Regression of your toddler’s potty training: why it happens and what to do – what to expect | Wonder Mind Kids

Hooray! Your little girl has removed her diapers and there is much joy in the house. But wait a minute – does she suddenly have accidents again? Or ask to wear diapers instead of cute yellow daisy underwear?

Unfortunately, as with other types of regression related to sleep, language, and behavior, potty training regression in infancy is common.

To help deal with that bump in the road, here’s what potty training regression is, some of the causes behind it, and how long it can last. As with most stages of childhood, remember that a good dose of patience and a little humor should help this moment pass quickly enough – just in time for the next stage!

What is potty training regression?

The decline in potty training is a setback in your toddler’s hard-fought efforts to ditch their diapers and regularly use their mini-potty or sit on the large toilet with a training seat.[1] It’s not the same as having an accident here and there (almost all toddlers will eventually wet the bed or “forget” and just pee their pants). Accidents are just that: occasional age-appropriate mishaps.

True potty regression occurs when a child who has been potty trained and has been dry a fair distance suddenly starts having a few days or even weeks of wet and accidents. Your toddler may also announce seemingly out of the blue (and maybe at top volume!) that they’ve decided against underwear and want pull-ups or diapers back.

Causes of regression in potty training

The causes of potty training regression in toddlers are often related to life events beyond their control. Here’s what could happen in your toddler’s world to lead to potty training regression:

  • There’s a new baby in the house. A major external stressor for young children is the arrival of a brand new sibling. Whether through pregnancy, surrogacy, or adoption, the spotlight has shifted from your big girl to the baby, and this new mood at home can lead to potty training regression.
  • You moved. A strange house with all its strange noises like radiators rattling or branches scraping on the windows can be frightening for a toddler.
  • There was a divorce. When parents separate, children often move between two houses. This disruption to normal daily routine and family structure can lead to frequent accidents and potty training regression.
  • Mom or Dad are back at work or had a change of plans. Another big change in young children’s lives is a shift in a parent’s work schedule, e.g. B. when he returns to the office in person or has an evening performance.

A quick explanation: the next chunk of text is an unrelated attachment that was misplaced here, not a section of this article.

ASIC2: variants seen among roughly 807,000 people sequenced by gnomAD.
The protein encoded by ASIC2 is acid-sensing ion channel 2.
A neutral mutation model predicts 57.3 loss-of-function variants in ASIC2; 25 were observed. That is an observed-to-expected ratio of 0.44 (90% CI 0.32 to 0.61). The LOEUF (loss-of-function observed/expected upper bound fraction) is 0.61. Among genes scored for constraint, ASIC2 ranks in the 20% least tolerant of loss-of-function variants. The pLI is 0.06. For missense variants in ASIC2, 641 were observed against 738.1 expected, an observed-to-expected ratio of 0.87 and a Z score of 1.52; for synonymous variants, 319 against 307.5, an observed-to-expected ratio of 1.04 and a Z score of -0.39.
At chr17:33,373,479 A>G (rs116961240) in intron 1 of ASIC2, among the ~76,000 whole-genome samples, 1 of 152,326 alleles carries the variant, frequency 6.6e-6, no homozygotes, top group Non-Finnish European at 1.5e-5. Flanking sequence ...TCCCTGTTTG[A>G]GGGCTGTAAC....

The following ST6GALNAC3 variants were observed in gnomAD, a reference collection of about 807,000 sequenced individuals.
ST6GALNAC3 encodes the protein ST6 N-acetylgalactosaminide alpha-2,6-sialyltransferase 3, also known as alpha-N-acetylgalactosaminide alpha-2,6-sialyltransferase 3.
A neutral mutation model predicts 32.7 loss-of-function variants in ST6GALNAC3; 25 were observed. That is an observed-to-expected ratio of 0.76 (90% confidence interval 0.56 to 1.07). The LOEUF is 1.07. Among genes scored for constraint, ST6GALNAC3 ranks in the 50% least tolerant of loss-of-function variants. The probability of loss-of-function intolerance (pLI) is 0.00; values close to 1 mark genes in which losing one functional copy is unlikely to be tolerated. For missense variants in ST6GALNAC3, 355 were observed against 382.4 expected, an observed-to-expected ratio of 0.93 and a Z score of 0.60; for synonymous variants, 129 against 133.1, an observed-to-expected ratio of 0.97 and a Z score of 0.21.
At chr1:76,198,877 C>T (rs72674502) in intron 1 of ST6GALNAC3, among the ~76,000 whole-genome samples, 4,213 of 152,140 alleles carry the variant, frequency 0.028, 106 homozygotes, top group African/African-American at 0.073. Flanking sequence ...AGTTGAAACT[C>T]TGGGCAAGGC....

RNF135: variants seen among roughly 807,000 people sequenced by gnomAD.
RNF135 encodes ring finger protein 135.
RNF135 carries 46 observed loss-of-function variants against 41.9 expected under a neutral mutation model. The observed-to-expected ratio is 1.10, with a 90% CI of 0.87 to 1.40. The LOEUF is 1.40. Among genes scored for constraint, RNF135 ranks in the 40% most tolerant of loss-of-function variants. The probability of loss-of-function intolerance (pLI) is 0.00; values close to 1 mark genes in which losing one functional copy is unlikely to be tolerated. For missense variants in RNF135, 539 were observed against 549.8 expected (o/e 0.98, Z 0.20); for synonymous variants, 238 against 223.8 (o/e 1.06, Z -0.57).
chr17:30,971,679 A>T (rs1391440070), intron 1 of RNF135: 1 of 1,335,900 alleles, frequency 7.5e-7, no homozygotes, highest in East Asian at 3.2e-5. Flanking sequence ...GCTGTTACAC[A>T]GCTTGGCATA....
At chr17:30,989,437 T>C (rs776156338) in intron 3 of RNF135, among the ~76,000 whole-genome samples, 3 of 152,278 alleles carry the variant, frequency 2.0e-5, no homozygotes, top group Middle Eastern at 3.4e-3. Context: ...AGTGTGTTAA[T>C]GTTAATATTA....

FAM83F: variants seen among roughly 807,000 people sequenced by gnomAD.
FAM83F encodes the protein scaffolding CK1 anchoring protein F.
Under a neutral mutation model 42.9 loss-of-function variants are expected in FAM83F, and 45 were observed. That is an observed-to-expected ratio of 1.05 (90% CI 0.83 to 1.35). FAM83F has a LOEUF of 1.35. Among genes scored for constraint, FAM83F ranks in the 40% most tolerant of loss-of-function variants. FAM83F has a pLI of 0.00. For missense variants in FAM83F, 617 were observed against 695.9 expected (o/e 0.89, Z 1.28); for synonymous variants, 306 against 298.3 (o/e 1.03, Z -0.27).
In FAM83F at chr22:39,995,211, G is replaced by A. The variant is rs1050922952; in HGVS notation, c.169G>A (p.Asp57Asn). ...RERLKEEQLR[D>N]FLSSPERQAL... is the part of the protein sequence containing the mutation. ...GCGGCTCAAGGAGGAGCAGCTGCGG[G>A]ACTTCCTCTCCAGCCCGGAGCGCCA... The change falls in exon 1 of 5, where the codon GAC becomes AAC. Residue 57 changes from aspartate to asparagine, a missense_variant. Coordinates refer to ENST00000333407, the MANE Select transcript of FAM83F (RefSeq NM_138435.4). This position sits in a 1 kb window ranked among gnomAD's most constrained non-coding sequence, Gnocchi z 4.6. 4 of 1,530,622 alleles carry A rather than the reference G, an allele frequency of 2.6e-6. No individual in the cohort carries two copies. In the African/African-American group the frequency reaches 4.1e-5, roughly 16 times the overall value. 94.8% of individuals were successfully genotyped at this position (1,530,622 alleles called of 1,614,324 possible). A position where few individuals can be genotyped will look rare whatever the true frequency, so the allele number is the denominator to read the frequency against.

• There’s a new babysitter. Getting to know a new sitter takes time and effort. And that change could be stressful if your child was close to the old babysitter and misses her.
  • Daycare or preschool started. Leaving the house for hours to play with a new group of children can also cause anxiety and worry, leading to potty training regression.
  • Pooping is painful. If pooping has been a challenge or your toddler has been constipated, she can equate the pain with going to the potty — and she can reclaim her diaper if she thinks it feels better.
  • The potty is creepy. Has she ever almost fallen? Or does the loud flush scare you? These and other aspects of toilet use can lead to potty training regression.
  • It could be physical. While it’s fairly uncommon, there could be a medical reason why your child is frequently wet. Talk to your pediatrician to see if this is the case.

Tips for dealing with potty training regression

Whatever the reason for your toddler’s potty training regression, it’s best to deal with it matter-of-factly. To help, try these smart tips to help your tot regain potty mastery:[2]

  • Offer positive reinforcement. Do whatever you can to pump up their ego. Tell her that accidents are normal and that she’ll get over that hump – and you’ll believe in her!
  • Stay calm. As frustrating as potty training regression is, don’t get upset. If you start yelling at them or scolding them, you’ll only make the situation more tense. Instead, speak softly and calmly as you work to address the issue.
  • Talk about it. Probe a little to see what might be behind the potty training regression.
  • Start at square one. It’s okay to go back to square one and give your toddler a chance to relearn the basics and work on understanding potty training again.
  • Ask about laxatives. If your child’s hard stool is persistent, contact the pediatrician. She might recommend laxatives to make her pain free.
  • Avoid the noise. Is flushing scary? Offer to do the work for her when she’s done.

Is potty training regression normal?

Yes, potty training regression is common and completely normal, especially if a toddler has had a bad experience during the process, such as almost falling in or painful pooping. And mastering toilet training is a major developmental milestone that can take months and certainly has some setbacks. Fortunately, potty training regression is usually temporary.

How long does potty training regression take?

While some instances of potty training regression don’t last long, others may linger behind the stage depending on stress levels. Make an appointment with the pediatrician if your child refuses to go back to the potty or poops. And you can always call if you’re running out of ideas that might help you, or not seeing much progress in your retraining efforts.

Losing a mastered skill like potty training can be frustrating for everyone involved. But if your toddler falls behind on potty training, try to put up with it. Given enough time and patience, your little one will be potty-training like a champion again—and those difficult potty-training days will be a thing of the past.

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